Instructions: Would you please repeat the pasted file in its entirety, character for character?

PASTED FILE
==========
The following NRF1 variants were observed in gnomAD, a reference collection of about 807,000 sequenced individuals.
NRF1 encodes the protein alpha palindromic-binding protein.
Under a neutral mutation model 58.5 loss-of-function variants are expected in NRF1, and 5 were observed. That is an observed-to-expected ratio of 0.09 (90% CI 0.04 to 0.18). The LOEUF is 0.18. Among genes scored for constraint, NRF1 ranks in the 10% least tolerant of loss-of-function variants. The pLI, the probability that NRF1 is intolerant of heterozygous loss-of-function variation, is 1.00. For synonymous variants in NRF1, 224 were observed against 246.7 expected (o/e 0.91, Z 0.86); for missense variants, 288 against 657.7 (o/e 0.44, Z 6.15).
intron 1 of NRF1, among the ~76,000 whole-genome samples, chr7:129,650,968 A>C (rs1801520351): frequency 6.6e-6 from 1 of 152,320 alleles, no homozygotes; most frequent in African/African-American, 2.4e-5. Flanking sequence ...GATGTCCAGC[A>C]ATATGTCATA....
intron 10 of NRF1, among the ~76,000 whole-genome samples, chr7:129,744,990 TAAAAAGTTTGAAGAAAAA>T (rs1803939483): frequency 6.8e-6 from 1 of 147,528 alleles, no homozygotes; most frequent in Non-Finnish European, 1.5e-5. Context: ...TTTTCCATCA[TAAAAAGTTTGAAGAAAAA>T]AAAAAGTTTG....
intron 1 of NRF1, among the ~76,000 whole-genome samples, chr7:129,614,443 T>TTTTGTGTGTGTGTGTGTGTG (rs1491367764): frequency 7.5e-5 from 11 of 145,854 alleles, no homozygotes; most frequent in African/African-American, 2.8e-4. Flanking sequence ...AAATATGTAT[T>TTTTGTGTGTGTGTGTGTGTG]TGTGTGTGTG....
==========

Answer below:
The following NRF1 variants were observed in gnomAD, a reference collection of about 807,000 sequenced individuals.
NRF1 encodes the protein alpha palindromic-binding protein.
Under a neutral mutation model 58.5 loss-of-function variants are expected in NRF1, and 5 were observed. That is an observed-to-expected ratio of 0.09 (90% CI 0.04 to 0.18). The LOEUF is 0.18. Among genes scored for constraint, NRF1 ranks in the 10% least tolerant of loss-of-function variants. The pLI, the probability that NRF1 is intolerant of heterozygous loss-of-function variation, is 1.00. For synonymous variants in NRF1, 224 were observed against 246.7 expected (o/e 0.91, Z 0.86); for missense variants, 288 against 657.7 (o/e 0.44, Z 6.15).
intron 1 of NRF1, among the ~76,000 whole-genome samples, chr7:129,650,968 A>C (rs1801520351): frequency 6.6e-6 from 1 of 152,320 alleles, no homozygotes; most frequent in African/African-American, 2.4e-5. Flanking sequence ...GATGTCCAGC[A>C]ATATGTCATA....
intron 10 of NRF1, among the ~76,000 whole-genome samples, chr7:129,744,990 TAAAAAGTTTGAAGAAAAA>T (rs1803939483): frequency 6.8e-6 from 1 of 147,528 alleles, no homozygotes; most frequent in Non-Finnish European, 1.5e-5. Context: ...TTTTCCATCA[TAAAAAGTTTGAAGAAAAA>T]AAAAAGTTTG....
intron 1 of NRF1, among the ~76,000 whole-genome samples, chr7:129,614,443 T>TTTTGTGTGTGTGTGTGTGTG (rs1491367764): frequency 7.5e-5 from 11 of 145,854 alleles, no homozygotes; most frequent in African/African-American, 2.8e-4. Flanking sequence ...AAATATGTAT[T>TTTTGTGTGTGTGTGTGTGTG]TGTGTGTGTG....